Plaintiff to get out of the car. Patzer positioned himself toward
the front of Plaintiff's car. Plaintiff states that he could not
hear the officers' commands because the drugs and alcohol had
caused him to have difficulty hearing. He also states that, at
this point, he still did not realize that Brown and Patzer were
Defendants submit undisputed evidence that, while the officers
were commanding Plaintiff to exit his vehicle, Plaintiff began to
rev his engine, and turned his vehicle sharply to the right to
dislodge it from the curb and maneuver out from between the two
police cars. It is also not disputed that, as Plaintiff executed
this maneuver, he almost struck Patzer, who, as he dodged the
Volkswagon, fired a single shot into the vehicle, missing
Plaintiff. In his sworn declaration, Patzer states that he fired
the shot at Plaintiff's vehicle because he believed that
Plaintiff was attempting to run him over. Plaintiff states that
he did not intentionally drive at Patzer.
Plaintiff then drove his car eastbound on Rutherford Lane. He
crashed into a curb several blocks away, which deployed the air
bags in his vehicle. Patzer arrived at the scene and parked his
patrol car approximately ten feet behind Plaintiff. It is not
disputed that Plaintiff backed his vehicle into Patzer's vehicle,
striking it, and then rolled forward and came to a stop against
the curb. Brown arrived and parked next to Patzer; both officers
exited their vehicles and approached Plaintiff's car with their
guns drawn. Plaintiff was grasping the steering wheel with both
hands. According to Patzer's declaration, he told Plaintiff not
to move or he would shoot, and Plaintiff responded, "Good, shoot
me." Plaintiff does not dispute this.
Patzer opened the driver's side door. Both officers ordered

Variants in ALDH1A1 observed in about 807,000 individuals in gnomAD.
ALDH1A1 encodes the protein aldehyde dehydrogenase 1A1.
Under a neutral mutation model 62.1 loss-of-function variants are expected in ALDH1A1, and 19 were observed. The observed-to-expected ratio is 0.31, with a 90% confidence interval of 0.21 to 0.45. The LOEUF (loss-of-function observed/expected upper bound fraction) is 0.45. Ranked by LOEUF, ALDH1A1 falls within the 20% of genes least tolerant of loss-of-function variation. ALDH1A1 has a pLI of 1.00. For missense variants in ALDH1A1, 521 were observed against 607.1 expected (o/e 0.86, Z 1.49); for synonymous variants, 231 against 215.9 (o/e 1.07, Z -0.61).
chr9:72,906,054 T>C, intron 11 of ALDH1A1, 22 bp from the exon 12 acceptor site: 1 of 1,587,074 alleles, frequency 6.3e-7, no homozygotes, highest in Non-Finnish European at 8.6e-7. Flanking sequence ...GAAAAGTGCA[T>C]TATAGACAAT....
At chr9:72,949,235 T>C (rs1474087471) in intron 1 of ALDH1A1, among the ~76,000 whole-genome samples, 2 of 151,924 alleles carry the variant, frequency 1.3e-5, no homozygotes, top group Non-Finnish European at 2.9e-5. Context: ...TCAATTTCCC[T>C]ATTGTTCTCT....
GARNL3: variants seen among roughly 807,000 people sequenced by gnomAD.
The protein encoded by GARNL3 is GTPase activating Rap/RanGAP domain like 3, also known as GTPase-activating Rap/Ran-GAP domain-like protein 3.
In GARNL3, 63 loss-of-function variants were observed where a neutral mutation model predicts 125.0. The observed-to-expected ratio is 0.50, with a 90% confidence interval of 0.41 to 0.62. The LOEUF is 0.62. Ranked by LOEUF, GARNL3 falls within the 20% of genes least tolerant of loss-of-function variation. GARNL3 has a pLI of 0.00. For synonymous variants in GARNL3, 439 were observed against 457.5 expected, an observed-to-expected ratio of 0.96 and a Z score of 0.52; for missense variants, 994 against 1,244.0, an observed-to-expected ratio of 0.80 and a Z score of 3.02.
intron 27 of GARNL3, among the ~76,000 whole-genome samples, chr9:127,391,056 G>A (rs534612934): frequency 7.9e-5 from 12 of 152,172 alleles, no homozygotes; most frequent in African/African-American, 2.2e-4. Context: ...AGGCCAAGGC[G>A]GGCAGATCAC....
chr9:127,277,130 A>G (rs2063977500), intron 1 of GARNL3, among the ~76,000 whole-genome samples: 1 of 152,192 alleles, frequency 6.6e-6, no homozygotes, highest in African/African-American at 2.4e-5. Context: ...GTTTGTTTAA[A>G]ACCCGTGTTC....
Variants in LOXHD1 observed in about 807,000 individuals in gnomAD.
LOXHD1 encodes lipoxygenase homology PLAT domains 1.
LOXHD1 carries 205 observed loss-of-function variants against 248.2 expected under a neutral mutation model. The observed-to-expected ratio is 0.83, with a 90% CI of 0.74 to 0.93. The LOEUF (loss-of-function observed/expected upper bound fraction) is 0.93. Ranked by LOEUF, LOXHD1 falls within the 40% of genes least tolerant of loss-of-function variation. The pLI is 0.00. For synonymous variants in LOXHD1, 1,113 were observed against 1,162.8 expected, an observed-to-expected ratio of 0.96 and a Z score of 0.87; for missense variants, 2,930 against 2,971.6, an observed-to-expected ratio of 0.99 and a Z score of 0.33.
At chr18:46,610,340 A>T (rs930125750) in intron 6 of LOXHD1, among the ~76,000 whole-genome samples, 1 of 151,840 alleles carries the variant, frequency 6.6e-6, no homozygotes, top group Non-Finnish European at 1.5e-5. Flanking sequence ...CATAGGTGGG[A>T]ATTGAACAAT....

Plaintiff to get out of the car, but he refused. The evidence is
not disputed that the officers then struck Plaintiff several
times in an effort to dislodge his grip on the steering wheel and
remove him from his car; Patzer struck Plaintiff on the arm once
with his baton, and several more times in the face and shoulders
with his fists. Patzer then dragged Plaintiff out of the vehicle
and put him face down on the street. Plaintiff states that he was
not resisting at this point, but he does not dispute Defendants'
evidence that his arms were underneath his body and not
restrained. Patzer acknowledges punching Plaintiff once in the
ribs as he tried to get his arms behind him in order to handcuff
him. In Plaintiff's sworn declaration, he states that Patzer
kicked him in the face. It is not clear from Plaintiff's
declaration whether he claims that Patzer kicked him while he was handcuffing him, or
afterwards. After the officers handcuffed Plaintiff, they placed
him in the back of a patrol car.
A paramedic on the scene found abrasions to Plaintiff's face.
The emergency room physician at Sutter Delta Hospital, where
Plaintiff was taken after the incident, also noted abrasions to
his face. No other injuries were reported. On October 21, 2003,
Plaintiff entered a plea of nolo contendere to violating
California Penal Code section 69 (felony resisting arrest).
On March 18, 2004, Plaintiff filed the complaint that initiated
this lawsuit. On April 9, 2004, Plaintiff filed an amended